ABSTRACT WATCH: Nasopharyngeal Lactobacillus Is Associated With Childhood Wheezing Illnesses Following Acute Respiratory Syncytial Virus Infection in Infancy
Nasopharyngeal Lactobacillus Is Associated With Childhood Wheezing Illnesses Following Acute Respiratory Syncytial Virus Infection in Infancy
- Early-life acute respiratory infection (ARI) with respiratory syncytial virus (RSV) has been strongly associated with the development of childhood wheezing illnesses, but the pathways underlying this association are poorly understood.
- To examine the role of the nasopharyngeal microbiome in the development of childhood wheezing illnesses following RSV ARI in infancy.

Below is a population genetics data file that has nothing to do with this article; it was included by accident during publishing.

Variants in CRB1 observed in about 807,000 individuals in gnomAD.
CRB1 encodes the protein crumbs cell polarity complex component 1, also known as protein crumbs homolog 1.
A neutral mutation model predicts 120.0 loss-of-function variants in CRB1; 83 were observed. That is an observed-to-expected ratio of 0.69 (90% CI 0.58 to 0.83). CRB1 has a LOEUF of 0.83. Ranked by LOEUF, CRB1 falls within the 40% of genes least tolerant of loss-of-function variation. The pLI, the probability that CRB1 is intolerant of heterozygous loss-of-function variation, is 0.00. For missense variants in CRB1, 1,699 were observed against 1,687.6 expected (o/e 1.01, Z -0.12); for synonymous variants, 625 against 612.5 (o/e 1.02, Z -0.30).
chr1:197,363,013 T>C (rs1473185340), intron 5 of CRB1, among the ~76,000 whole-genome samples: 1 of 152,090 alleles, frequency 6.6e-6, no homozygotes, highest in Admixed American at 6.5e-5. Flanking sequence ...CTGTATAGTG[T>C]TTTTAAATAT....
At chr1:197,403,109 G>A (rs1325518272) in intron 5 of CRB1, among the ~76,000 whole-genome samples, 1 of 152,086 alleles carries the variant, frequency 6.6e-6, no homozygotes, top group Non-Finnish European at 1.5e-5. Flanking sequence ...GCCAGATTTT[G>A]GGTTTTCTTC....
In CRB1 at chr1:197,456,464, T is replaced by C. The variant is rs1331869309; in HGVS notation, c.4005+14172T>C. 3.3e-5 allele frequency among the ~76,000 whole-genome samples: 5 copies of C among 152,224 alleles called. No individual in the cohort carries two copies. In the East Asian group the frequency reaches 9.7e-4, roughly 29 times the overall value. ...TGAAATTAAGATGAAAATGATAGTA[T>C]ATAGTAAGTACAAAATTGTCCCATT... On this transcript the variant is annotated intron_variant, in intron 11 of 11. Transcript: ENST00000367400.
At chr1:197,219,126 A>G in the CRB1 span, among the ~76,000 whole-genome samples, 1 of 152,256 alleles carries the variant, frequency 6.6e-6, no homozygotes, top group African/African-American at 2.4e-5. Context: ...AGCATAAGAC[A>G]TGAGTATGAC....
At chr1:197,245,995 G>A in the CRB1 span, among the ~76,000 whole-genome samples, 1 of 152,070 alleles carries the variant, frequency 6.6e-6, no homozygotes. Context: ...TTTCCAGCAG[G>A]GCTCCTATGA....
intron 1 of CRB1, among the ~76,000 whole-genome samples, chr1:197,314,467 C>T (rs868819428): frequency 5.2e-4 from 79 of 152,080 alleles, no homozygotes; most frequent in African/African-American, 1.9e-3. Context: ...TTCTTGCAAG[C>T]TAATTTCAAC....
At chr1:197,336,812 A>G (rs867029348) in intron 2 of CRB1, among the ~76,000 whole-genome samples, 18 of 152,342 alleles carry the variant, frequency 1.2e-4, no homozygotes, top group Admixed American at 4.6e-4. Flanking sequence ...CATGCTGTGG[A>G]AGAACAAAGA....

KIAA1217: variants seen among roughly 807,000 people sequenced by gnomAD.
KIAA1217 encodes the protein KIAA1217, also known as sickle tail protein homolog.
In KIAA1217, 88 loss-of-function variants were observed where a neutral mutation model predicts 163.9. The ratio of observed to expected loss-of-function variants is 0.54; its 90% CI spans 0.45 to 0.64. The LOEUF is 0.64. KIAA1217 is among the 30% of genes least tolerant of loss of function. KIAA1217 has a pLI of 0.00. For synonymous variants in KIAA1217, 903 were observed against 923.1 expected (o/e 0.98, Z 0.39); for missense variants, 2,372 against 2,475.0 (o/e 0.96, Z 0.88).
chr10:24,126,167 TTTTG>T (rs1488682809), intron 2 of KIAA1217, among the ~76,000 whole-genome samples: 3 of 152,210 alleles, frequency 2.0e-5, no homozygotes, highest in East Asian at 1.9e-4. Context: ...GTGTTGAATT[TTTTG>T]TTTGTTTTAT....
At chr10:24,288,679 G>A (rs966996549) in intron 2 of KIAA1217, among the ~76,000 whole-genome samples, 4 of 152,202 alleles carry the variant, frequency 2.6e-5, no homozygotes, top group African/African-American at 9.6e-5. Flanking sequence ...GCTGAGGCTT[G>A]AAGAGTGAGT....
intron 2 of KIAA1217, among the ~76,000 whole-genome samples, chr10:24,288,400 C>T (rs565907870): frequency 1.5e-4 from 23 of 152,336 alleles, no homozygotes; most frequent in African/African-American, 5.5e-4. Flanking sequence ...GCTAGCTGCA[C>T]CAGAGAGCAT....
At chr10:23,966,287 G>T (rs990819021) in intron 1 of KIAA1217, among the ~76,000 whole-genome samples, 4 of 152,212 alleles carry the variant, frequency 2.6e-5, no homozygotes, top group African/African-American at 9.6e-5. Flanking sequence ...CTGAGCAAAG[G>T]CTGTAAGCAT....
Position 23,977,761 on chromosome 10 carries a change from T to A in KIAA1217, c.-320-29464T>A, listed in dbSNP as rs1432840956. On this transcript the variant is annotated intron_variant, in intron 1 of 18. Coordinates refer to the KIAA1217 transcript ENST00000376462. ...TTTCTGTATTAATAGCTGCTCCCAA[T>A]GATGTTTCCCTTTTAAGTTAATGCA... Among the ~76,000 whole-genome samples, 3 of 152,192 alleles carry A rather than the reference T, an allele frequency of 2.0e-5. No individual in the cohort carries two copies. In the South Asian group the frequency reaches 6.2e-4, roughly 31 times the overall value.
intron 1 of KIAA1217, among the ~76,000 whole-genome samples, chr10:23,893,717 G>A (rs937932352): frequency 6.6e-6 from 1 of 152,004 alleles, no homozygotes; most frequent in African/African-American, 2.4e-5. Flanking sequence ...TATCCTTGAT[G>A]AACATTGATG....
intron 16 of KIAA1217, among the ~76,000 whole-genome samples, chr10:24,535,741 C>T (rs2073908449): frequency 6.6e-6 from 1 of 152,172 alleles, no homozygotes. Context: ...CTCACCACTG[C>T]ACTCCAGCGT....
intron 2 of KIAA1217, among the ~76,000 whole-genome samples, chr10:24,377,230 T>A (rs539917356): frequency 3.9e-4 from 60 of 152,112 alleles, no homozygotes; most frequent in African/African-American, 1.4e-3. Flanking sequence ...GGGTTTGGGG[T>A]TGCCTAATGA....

- We conducted a nested cohort study of 118 previously healthy, term infants with confirmed RSV ARI by RT-PCR. We used next-generation sequencing of the V4 region of the 16S rRNA gene to characterize the nasopharyngeal microbiome during RSV ARI. Our main outcome of interest was 2-year subsequent wheeze.
- One hundred thirteen (95.8%) of the 118 infants had 2-year outcome data. Of these, 46 (40.7%) had parental report of subsequent wheeze.
- There was no association between the overall taxonomic composition, diversity, and richness of the nasopharyngeal microbiome during RSV ARI with the development of subsequent wheeze.
- However, the nasopharyngeal detection and abundance of Lactobacillus was consistently higher in infants who did not develop this outcome.
- Lactobacillus also ranked first among the different genera in a model distinguishing infants with and without subsequent wheeze.
- The nasopharyngeal detection and increased abundance of Lactobacillus during RSV ARI in infancy are associated with a reduced risk of childhood wheezing illnesses at age 2 years.